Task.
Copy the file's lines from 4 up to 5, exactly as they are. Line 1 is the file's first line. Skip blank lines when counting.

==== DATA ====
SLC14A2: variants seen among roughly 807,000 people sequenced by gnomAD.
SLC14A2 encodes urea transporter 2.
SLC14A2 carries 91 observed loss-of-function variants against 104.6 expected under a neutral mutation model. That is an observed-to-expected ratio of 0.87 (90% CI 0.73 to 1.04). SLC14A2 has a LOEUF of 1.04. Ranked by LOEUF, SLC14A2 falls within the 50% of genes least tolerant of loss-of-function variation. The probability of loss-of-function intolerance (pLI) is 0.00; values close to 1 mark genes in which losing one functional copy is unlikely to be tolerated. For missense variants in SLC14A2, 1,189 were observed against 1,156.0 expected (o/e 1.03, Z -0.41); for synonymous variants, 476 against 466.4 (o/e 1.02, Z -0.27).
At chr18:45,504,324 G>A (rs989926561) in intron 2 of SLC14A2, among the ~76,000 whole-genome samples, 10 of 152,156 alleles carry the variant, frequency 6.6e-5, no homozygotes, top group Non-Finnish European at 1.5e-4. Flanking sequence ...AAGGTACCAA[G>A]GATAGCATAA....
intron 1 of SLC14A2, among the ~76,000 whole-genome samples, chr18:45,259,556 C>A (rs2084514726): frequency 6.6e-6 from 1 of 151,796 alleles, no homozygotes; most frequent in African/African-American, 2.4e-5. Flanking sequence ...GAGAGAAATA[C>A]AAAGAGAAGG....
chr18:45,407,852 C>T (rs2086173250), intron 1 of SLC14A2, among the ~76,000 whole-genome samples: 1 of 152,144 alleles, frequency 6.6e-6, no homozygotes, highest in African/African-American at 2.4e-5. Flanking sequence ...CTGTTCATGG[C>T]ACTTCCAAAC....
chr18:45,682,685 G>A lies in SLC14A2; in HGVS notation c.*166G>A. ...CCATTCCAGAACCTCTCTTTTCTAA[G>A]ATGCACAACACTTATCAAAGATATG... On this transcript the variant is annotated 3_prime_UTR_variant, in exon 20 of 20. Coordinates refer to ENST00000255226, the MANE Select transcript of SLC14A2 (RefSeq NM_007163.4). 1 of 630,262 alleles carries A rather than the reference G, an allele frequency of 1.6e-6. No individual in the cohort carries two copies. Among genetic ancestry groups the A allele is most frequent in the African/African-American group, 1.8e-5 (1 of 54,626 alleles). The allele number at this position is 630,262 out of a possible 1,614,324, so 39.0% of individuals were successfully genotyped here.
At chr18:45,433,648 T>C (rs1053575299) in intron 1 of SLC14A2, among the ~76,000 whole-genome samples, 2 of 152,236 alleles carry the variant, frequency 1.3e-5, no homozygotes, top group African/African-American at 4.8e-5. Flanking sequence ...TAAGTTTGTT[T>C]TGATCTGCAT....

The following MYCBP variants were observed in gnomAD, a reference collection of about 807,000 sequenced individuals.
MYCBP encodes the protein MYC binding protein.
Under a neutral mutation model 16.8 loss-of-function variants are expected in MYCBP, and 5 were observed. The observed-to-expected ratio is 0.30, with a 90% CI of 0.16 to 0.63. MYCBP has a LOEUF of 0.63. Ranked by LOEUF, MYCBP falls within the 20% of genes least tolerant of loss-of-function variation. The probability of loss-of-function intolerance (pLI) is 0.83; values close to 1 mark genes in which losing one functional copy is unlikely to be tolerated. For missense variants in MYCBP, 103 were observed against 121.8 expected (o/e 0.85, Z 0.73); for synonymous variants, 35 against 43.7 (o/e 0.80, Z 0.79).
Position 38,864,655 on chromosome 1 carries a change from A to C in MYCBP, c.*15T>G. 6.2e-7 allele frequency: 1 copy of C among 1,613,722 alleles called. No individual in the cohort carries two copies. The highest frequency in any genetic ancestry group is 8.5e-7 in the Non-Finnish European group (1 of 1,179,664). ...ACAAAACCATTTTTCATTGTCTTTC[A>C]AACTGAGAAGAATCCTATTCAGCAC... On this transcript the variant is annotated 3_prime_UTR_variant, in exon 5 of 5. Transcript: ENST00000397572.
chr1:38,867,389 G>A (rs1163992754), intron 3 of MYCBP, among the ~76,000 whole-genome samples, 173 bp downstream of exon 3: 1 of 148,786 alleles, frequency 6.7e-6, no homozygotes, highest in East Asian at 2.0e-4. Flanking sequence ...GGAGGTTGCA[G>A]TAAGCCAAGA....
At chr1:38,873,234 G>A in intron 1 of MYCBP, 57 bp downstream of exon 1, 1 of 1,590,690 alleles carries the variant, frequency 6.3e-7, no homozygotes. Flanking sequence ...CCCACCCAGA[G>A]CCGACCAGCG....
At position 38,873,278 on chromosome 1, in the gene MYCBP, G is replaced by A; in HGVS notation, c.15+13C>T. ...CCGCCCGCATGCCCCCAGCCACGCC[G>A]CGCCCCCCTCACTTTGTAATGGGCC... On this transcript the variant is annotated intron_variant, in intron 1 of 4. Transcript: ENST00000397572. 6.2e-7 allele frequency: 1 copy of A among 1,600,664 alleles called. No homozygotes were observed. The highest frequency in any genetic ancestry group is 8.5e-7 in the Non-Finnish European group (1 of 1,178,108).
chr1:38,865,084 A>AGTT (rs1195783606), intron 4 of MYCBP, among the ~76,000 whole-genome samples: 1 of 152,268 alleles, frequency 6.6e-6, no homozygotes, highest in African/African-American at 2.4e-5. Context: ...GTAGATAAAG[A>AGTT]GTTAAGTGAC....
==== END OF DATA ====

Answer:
At chr18:45,504,324 G>A (rs989926561) in intron 2 of SLC14A2, among the ~76,000 whole-genome samples, 10 of 152,156 alleles carry the variant, frequency 6.6e-5, no homozygotes, top group Non-Finnish European at 1.5e-4. Flanking sequence ...AAGGTACCAA[G>A]GATAGCATAA....
intron 1 of SLC14A2, among the ~76,000 whole-genome samples, chr18:45,259,556 C>A (rs2084514726): frequency 6.6e-6 from 1 of 151,796 alleles, no homozygotes; most frequent in African/African-American, 2.4e-5. Flanking sequence ...GAGAGAAATA[C>A]AAAGAGAAGG....